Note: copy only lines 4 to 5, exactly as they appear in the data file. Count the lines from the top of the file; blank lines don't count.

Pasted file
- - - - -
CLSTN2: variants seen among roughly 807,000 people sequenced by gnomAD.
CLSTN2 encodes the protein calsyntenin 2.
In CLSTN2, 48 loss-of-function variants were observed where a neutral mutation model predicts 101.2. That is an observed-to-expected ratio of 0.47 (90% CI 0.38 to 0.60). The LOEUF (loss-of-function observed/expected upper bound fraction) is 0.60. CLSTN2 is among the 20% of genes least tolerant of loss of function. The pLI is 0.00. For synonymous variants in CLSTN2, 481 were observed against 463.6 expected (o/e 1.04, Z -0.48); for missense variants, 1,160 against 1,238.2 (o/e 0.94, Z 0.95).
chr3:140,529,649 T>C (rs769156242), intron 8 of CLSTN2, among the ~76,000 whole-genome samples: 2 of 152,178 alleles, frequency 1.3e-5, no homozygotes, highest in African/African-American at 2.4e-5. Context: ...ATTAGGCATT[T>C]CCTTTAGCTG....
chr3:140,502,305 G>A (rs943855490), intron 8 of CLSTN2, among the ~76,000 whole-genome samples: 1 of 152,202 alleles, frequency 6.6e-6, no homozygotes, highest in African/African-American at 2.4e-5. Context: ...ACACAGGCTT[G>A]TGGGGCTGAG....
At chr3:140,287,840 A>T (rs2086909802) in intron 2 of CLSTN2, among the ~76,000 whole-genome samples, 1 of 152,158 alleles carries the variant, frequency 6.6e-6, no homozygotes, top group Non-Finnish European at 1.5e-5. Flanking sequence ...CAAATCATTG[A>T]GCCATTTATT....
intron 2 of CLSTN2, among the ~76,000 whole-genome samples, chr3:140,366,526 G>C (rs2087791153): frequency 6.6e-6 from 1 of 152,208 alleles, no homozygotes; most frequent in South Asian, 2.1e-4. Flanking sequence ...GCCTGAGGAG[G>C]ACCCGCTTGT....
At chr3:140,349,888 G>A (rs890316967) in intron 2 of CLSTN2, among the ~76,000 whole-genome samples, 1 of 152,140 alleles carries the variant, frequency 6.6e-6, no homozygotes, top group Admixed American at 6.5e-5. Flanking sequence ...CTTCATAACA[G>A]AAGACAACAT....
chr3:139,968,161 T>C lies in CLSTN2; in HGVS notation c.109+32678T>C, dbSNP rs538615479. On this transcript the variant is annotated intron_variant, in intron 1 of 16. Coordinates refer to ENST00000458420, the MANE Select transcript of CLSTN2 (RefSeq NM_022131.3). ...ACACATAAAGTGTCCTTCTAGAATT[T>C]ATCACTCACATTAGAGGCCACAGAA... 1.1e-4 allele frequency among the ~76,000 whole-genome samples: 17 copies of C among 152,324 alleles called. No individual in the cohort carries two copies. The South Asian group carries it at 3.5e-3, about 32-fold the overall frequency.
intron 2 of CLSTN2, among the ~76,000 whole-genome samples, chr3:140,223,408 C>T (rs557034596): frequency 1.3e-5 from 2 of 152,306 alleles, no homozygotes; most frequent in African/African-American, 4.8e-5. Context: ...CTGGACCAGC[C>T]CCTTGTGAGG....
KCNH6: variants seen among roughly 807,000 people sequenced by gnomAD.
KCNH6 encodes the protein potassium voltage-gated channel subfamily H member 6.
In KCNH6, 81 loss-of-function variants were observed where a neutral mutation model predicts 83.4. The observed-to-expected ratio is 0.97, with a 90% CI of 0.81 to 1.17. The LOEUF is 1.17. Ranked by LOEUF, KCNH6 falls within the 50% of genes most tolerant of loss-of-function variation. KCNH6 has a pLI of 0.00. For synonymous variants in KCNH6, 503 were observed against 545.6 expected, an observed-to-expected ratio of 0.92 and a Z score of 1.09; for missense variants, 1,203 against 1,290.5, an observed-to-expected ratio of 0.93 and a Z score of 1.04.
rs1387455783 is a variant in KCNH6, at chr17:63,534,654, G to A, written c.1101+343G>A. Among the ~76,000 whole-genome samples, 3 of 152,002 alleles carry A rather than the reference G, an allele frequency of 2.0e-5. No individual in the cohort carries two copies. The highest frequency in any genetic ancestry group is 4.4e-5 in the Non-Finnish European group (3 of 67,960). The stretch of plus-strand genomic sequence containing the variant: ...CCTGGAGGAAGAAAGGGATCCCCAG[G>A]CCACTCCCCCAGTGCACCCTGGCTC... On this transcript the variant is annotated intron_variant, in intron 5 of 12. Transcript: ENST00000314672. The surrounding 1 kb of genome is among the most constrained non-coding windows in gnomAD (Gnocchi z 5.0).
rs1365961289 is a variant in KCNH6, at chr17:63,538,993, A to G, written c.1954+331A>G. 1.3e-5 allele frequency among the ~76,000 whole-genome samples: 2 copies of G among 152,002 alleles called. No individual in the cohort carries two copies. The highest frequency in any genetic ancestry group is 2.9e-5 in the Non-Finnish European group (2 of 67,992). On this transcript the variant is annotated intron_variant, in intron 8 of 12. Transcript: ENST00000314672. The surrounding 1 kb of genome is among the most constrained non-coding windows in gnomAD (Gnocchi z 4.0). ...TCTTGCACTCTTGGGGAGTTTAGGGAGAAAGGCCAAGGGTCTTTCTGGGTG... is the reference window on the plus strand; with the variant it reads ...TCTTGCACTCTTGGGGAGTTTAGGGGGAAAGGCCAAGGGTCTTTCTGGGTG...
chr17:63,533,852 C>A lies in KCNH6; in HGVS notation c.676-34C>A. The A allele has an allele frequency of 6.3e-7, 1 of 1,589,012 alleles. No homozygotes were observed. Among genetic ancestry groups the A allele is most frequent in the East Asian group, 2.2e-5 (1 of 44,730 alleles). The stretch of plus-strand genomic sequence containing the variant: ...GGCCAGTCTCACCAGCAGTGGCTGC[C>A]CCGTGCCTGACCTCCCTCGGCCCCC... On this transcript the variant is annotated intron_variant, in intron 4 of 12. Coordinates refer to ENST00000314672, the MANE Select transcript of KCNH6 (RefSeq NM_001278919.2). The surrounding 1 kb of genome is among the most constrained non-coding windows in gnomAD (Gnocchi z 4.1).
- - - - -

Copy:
chr3:140,529,649 T>C (rs769156242), intron 8 of CLSTN2, among the ~76,000 whole-genome samples: 2 of 152,178 alleles, frequency 1.3e-5, no homozygotes, highest in African/African-American at 2.4e-5. Context: ...ATTAGGCATT[T>C]CCTTTAGCTG....
chr3:140,502,305 G>A (rs943855490), intron 8 of CLSTN2, among the ~76,000 whole-genome samples: 1 of 152,202 alleles, frequency 6.6e-6, no homozygotes, highest in African/African-American at 2.4e-5. Context: ...ACACAGGCTT[G>A]TGGGGCTGAG....